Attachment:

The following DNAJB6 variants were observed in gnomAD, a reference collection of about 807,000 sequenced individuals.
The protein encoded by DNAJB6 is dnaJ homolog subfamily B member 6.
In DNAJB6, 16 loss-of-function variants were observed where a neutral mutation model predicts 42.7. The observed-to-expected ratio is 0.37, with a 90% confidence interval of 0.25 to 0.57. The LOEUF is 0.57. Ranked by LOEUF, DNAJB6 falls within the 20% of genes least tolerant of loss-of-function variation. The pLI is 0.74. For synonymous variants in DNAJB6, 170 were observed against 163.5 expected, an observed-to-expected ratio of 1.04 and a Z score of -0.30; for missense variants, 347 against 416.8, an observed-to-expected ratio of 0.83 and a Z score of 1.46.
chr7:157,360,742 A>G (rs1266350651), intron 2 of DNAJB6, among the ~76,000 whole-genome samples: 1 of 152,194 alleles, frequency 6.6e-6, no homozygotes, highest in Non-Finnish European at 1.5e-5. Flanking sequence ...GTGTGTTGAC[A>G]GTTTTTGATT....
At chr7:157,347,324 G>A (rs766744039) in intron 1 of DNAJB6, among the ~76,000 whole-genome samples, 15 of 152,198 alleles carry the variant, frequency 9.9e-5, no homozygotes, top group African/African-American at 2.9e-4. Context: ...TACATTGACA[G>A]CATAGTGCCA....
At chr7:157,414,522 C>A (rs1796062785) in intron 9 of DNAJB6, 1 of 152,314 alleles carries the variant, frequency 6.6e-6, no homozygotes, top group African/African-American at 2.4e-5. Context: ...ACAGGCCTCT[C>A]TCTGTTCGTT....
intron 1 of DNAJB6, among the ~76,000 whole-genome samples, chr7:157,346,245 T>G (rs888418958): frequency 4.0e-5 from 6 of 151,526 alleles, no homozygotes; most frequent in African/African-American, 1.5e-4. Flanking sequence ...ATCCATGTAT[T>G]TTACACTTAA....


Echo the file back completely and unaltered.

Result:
The following DNAJB6 variants were observed in gnomAD, a reference collection of about 807,000 sequenced individuals.
The protein encoded by DNAJB6 is dnaJ homolog subfamily B member 6.
In DNAJB6, 16 loss-of-function variants were observed where a neutral mutation model predicts 42.7. The observed-to-expected ratio is 0.37, with a 90% confidence interval of 0.25 to 0.57. The LOEUF is 0.57. Ranked by LOEUF, DNAJB6 falls within the 20% of genes least tolerant of loss-of-function variation. The pLI is 0.74. For synonymous variants in DNAJB6, 170 were observed against 163.5 expected, an observed-to-expected ratio of 1.04 and a Z score of -0.30; for missense variants, 347 against 416.8, an observed-to-expected ratio of 0.83 and a Z score of 1.46.
chr7:157,360,742 A>G (rs1266350651), intron 2 of DNAJB6, among the ~76,000 whole-genome samples: 1 of 152,194 alleles, frequency 6.6e-6, no homozygotes, highest in Non-Finnish European at 1.5e-5. Flanking sequence ...GTGTGTTGAC[A>G]GTTTTTGATT....
At chr7:157,347,324 G>A (rs766744039) in intron 1 of DNAJB6, among the ~76,000 whole-genome samples, 15 of 152,198 alleles carry the variant, frequency 9.9e-5, no homozygotes, top group African/African-American at 2.9e-4. Context: ...TACATTGACA[G>A]CATAGTGCCA....
At chr7:157,414,522 C>A (rs1796062785) in intron 9 of DNAJB6, 1 of 152,314 alleles carries the variant, frequency 6.6e-6, no homozygotes, top group African/African-American at 2.4e-5. Context: ...ACAGGCCTCT[C>A]TCTGTTCGTT....
intron 1 of DNAJB6, among the ~76,000 whole-genome samples, chr7:157,346,245 T>G (rs888418958): frequency 4.0e-5 from 6 of 151,526 alleles, no homozygotes; most frequent in African/African-American, 1.5e-4. Flanking sequence ...ATCCATGTAT[T>G]TTACACTTAA....